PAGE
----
What the Fook is a Loony Dook?

Loony Dook
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My legs were cold. Very cold, in fact. So cold that I could no longer feel them. The numbness pangs were making me giddy. Or maybe it was the adrenaline?

Either way, I had just run into the freezing Firth of Forth (AKA the River Forth) in South Queensferry, Scotland, in nothing but a bikini and a highland cow hat. In January. And yes, it was voluntary.

I think I may have a problem.

Loony Dook 2013

You see, when I read about something crazy — something most other people won’t do — I see it as a challenge. You say there’s no way you’re running into a frigid river on New Year’s Day? WELL THEN I’M DOING IT.

This was how I volunteered myself to take part in the Loony Dook, a Scottish New Year’s tradition.

Loony Dook 2013

But what exactly IS a Loony Dook, you ask? I asked, too, when I first saw the event listed as a possibility for me to participate in during my time in Edinburgh for Hogmanay. So let me help educate you.

The Loony Dook takes place each year on New Year’s Day in South Queensferry, with the extremely photogenic Forth Bridge (or Forth Rail Bridge, depending on who you ask) as a backdrop.

Loony Dook 2013

In this case, “Loony” means what you’d think — crazy; mental; lunatic. Some say this word is part of the event description based on the fact that participants dress in the silliest costumes they can come up with. But I’m pretty sure it refers to the nutters who are doing the “dooking.” Which brings us to the second part of the name. A “Dook” basically means a “dip.” In this case, it refers to the fact that all participants — in their fancy dress — dive into the freezing River Forth on New Year’s Day.

On January 1, 2013, I was one of these nutters. I was a Dooker!

Loony Dook 2013

The event began with a 20-minute drive from Edinburgh. I had convinced 2 of the other #Blogmanay bloggers to join me in my crazy quest, and a few others to come along to spectate. We arrived at the Firth of Forth about an hour and a half before the event would begin, and spent the time registering, warming up with some tomato soup provided by sponsor Heinz, and pumping ourselves up to strip down to basically nothing to parade through the village and then jump in a river.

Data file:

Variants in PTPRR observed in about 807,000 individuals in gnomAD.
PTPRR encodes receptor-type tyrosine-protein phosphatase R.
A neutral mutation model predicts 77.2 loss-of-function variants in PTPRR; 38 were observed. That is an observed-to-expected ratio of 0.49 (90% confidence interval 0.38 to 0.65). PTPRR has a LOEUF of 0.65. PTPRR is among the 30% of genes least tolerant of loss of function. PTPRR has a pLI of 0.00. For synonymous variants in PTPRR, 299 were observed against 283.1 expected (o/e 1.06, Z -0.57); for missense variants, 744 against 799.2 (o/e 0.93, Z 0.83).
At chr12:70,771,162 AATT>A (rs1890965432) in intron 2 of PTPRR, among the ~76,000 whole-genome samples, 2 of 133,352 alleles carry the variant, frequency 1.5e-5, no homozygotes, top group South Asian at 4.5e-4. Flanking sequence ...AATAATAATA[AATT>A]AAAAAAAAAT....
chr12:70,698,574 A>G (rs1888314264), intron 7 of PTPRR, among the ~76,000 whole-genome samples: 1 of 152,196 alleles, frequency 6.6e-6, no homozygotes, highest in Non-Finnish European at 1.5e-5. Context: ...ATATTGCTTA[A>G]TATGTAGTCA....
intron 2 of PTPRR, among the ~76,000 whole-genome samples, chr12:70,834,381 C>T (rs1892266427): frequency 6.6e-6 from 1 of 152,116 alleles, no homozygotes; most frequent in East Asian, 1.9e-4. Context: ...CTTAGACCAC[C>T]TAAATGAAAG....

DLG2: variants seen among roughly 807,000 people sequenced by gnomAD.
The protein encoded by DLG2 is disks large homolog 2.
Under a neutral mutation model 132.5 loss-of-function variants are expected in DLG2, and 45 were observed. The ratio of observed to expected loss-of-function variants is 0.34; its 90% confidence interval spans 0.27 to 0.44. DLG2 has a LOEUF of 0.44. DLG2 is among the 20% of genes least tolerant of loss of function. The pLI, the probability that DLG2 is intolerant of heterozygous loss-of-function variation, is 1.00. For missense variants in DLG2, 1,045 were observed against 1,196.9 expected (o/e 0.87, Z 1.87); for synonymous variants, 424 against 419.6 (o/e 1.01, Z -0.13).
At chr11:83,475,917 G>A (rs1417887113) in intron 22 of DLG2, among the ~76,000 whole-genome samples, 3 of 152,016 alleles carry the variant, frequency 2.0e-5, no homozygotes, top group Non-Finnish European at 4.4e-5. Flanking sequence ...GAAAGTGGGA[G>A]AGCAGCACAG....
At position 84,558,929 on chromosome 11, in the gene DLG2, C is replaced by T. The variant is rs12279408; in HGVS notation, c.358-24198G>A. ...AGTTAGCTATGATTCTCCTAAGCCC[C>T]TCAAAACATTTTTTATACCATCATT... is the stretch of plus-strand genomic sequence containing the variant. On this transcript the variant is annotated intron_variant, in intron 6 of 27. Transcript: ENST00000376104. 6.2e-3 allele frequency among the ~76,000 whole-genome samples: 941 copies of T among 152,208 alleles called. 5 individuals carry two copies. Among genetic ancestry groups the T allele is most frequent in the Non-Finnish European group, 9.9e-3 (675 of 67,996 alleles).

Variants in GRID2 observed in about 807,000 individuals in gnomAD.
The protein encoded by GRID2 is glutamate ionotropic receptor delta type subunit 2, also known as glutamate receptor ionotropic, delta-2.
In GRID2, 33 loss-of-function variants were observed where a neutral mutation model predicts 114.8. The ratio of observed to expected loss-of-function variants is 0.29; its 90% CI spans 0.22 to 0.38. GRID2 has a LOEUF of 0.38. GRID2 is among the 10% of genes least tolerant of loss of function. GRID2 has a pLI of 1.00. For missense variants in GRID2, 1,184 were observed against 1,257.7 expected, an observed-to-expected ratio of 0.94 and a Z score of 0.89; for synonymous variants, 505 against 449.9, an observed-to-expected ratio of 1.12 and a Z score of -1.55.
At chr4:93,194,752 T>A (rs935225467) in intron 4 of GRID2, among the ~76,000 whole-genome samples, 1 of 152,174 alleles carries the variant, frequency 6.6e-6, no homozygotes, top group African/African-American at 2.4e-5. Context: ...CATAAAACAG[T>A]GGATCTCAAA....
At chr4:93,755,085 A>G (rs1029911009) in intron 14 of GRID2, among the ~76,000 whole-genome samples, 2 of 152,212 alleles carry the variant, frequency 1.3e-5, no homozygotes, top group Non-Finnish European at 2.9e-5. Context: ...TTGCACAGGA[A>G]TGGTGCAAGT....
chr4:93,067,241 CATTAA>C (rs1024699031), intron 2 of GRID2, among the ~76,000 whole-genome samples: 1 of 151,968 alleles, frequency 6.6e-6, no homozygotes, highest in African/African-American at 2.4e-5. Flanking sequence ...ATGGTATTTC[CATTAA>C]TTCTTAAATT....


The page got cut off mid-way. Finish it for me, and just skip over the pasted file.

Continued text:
By the time the Dookers Parade was set to begin at 1:30 p.m., we were ready.

Loony Dook 2013

Along with about 1,000 other Loonys (and a few thousand more bundled-up spectators), we paraded down High Street, our final destination being the Dooking area, which was full of Viking screams, more photographers than you could shake a stick at, and some… erm… interesting costumes (please, fellas, no more Borat-style mankinis, mmk? My eyes hurt.).

Loony Dook 2013

Loony Dook 2013

(Photo taken by Kirsten Alana.)

Loony Dook 2013

Nadine, Jane and I clasped hands as we neared the water, began screaming, and dashed into the river with the rest of the crazy people. I can only think of a few other times in my life that I’ve laughed that hard. Yes, it was cold. But it was also one of the most fun things I’ve ever done.

Loony Dook 2013

Loony Dook 2013

So call me crazy if you want. But I don’t regret my Loony Dook experience at all!

 

(Check out the video below for the full Loony Dook effect! This is definitely an event that photos just don’t do justice to.)

——

Would YOU participate in the Loony Dook?

 

This campaign is brought to you by Edinburgh’s Hogmanay and is supported by VisitScotlandETAGEdinburgh FestivalsHaggis Adventures and SkyscannerThe campaign bloggers were sourced and managed by iambassador. As always, though, all opinions are my own.

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